Monday, November 11, 2013

Armistice



The water sings along our keel,  
   The wind falls to a whispering breath;
I look into your eyes and feel
   No fear of life or death;  
So near is love, so far away  
The losing strife of yesterday.

We watch the swallow skim and dip;
   Some magic bids the world be still;  
Life stands with finger upon lip;
   Love hath his gentle will;
Though hearts have bled, and tears have burned,
The river floweth unconcerned.

We pray the fickle flag of truce
   Still float deceitfully and fair;
Our eyes must love its sweet abuse;  
   This hour we will not care,
Though just beyond to-morrow's gate,  
Arrayed and strong, the battle wait.


— Sophie Jewett


Armistice is a fitting reminder to what is known in America as Veterans' Day, in Canada as Remembrance Day and elsewhere in the world as Armistice Day. Published posthumously in 1910, Armistice is from The Poems of Sophie Jewett.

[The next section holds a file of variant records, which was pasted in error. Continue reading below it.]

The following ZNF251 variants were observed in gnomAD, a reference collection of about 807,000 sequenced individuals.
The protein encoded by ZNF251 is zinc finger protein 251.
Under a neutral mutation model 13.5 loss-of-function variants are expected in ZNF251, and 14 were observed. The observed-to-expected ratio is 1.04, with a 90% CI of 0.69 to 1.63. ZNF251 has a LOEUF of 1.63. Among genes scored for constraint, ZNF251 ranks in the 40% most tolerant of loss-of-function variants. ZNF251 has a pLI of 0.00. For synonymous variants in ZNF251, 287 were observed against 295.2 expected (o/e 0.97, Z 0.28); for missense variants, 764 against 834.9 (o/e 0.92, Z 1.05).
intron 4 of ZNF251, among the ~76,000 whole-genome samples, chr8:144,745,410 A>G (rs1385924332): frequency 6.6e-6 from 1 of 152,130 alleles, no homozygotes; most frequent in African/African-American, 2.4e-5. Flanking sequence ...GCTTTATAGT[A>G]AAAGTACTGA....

A student and teacher of poetry, Sophie Jewett (1861–1909) was born in upstate New York. The shy and sensitive poet first published under Ellen Burroughs — her mother's maiden name. She is best known for her translation of The Pearl from Middle English and for her children's book, God's Troubadour, The Story of St. Francis of Assisi who gave up his worldly possessions after bearing witness to the tragedies of war.